The Chairman of the Rajya Sabha is reportedly contemplating action against MPs who, he thinks, were involved in the fracas in the House. There is speculation in the media about what kind of action will be taken against those MPs. There is also speculation about the formation of a special committee to suggest severe punishment. It appears that the Rajya Sabha secretariat has prepared a report on the incident, which accuses some MPs of assaulting security personnel. The MPs, on the other hand, have alleged that strangers in blue uniform were allowed inside the House who roughed them up.
House rules vest in the chairman all the powers necessary to conduct proceedings smoothly. The rules also provide for the suspension of MPs who “disregard the authority of the Chair or abuse the rules of the Council by persistently and willfully obstructing the business of the House”. However, the power to suspend a member is vested in the House, not in the chairman. The chairman names such a member whereupon a motion is moved by the Parliamentary Affairs Minister, or any other minister seeking the suspension of the member. Under the rule, the maximum period of suspension is for the remainder of the session. A suspended member cannot enter the chamber or attend any meetings of the committees. He also cannot give any notice for discussion or submission. By convention, a suspended member loses his right to get replies to his questions. Thus, suspension from the service of the House is regarded as a serious punishment. But, surprisingly, the rules do not spell out the disabilities of a suspended member. These are imposed on them as per conventions or precedent.
Suspension is the only serious punishment provided for in the rules. Rule 256 of the Rajya Sabha’s Rules of Procedure specifies the acts of misconduct: Disregarding the authority of the chair, abusing the rules of the council by persistently and willfully obstructing the business thereof. A member can be punished for any of these acts and, usually, the punishment is immediate. Punishing members long after the occurrence of misconduct is very rare. Suspension for the remainder of the session makes sense only when they are suspended immediately after the misconduct has been noticed by the chair. For the acts of misconduct by the MPs outside the House, which constitute a breach of privilege or contempt of the House, usually the privilege committee investigates the matter and recommends the course of action and the House acts on it.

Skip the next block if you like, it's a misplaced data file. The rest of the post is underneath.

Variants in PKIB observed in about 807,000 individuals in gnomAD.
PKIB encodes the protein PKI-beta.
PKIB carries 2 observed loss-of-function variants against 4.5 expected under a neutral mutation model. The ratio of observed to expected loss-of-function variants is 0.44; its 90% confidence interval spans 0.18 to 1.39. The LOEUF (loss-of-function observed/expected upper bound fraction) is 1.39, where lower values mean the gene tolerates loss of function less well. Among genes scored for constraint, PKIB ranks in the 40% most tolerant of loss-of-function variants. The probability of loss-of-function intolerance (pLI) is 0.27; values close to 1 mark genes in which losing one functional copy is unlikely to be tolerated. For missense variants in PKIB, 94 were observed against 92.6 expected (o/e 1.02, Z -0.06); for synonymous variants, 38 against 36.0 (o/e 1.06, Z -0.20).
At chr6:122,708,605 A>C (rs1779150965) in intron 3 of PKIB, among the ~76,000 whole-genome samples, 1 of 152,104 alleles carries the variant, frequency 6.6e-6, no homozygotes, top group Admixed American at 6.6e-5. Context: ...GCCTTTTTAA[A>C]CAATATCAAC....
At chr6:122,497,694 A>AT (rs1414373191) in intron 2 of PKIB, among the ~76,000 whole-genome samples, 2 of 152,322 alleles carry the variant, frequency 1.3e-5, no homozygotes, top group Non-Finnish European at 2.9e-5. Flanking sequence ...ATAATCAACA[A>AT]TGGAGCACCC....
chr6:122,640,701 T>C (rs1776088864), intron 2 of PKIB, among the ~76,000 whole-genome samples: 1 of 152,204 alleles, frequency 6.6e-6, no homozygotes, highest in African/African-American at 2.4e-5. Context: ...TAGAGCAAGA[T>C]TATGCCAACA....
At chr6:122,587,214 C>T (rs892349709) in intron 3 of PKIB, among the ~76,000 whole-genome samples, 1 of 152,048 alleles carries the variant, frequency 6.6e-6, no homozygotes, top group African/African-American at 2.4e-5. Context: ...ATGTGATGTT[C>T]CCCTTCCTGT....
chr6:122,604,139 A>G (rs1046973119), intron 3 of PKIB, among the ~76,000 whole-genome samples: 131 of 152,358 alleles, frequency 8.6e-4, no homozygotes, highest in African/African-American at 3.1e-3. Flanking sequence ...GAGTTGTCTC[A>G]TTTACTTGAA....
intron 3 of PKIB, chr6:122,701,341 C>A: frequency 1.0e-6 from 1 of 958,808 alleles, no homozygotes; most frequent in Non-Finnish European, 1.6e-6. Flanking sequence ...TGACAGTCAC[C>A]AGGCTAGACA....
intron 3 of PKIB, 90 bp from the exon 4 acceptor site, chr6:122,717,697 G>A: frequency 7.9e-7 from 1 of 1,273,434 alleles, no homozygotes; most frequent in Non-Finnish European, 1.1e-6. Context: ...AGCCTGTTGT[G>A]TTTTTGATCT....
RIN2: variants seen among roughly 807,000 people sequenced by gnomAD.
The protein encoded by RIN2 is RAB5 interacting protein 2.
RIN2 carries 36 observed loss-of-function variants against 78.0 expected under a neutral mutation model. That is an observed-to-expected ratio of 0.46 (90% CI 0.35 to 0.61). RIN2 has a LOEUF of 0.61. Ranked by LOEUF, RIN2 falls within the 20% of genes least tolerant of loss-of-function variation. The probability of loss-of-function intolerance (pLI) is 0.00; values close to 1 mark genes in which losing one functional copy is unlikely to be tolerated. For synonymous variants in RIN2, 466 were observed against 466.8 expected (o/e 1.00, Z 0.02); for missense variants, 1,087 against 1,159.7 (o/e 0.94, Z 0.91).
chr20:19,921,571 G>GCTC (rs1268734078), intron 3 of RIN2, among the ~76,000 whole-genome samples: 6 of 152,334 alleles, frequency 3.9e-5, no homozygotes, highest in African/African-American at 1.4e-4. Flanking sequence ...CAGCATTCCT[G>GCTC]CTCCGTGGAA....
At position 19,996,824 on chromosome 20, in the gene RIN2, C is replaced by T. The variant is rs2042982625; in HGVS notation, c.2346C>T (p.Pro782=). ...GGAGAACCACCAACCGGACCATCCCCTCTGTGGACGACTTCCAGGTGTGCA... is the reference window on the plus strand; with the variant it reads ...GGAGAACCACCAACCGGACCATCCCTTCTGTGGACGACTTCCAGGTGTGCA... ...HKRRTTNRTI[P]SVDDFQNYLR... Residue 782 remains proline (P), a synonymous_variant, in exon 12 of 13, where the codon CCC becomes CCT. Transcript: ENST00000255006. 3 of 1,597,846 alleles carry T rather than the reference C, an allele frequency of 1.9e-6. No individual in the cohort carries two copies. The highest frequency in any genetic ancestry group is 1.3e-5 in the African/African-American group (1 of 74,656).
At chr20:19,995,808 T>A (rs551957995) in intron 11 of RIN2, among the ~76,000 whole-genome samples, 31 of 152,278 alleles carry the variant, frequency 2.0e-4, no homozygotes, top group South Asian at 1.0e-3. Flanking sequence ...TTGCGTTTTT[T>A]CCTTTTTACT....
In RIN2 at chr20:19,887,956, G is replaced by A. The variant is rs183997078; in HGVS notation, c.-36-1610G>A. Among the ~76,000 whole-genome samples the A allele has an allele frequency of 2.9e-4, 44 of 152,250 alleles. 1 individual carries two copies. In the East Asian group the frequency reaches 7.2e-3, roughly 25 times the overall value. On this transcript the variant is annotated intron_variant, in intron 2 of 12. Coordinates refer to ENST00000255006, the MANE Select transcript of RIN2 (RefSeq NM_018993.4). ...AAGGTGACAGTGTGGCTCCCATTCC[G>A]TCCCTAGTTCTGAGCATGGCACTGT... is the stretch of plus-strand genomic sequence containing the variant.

A special committee is appointed usually when the misconduct is so serious that the House may consider expelling the member. Such occasions have been few and far between. The first case of expulsion occurred in 1951 when a special committee was appointed to investigate the conduct of H G Mudgal, an MP who accepted financial benefits from business houses to canvass support for them in the government and Parliament. The committee found him guilty of misconduct, which was derogatory to the dignity of Parliament. He was expelled. Another special committee was appointed in 2005 to inquire into the issue of MPs accepting money for raising questions in Parliament. This followed a sting operation done by a private body of investigative journalists. Ten MPs were expelled in connection with this episode.
So, special ad-hoc committees are appointed only to investigate serious misconduct by MPs outside the House. No special committee is required to go into what happens before the eyes of the presiding officer inside the House. As per the rules of the House, they need to be dealt with then and there.
An interesting question that arises in the Rajya Sabha case is whether the House can give the MPs more severe punishment than suspension. The rules do not recognise any punishment other than suspension for a specific period. Article 20 of the Constitution prohibits a greater penalty than what the law provided at the time of committing the offence. It is a sobering thought that the rules of the House do not empower Parliament to inflict any punishment on its members other than suspension for creating disorder in the House.
This column first appeared in the print edition on August 21, 2021 under the title ‘Lawmakers & disorder’. The writer is former secretary general, Lok Sabha.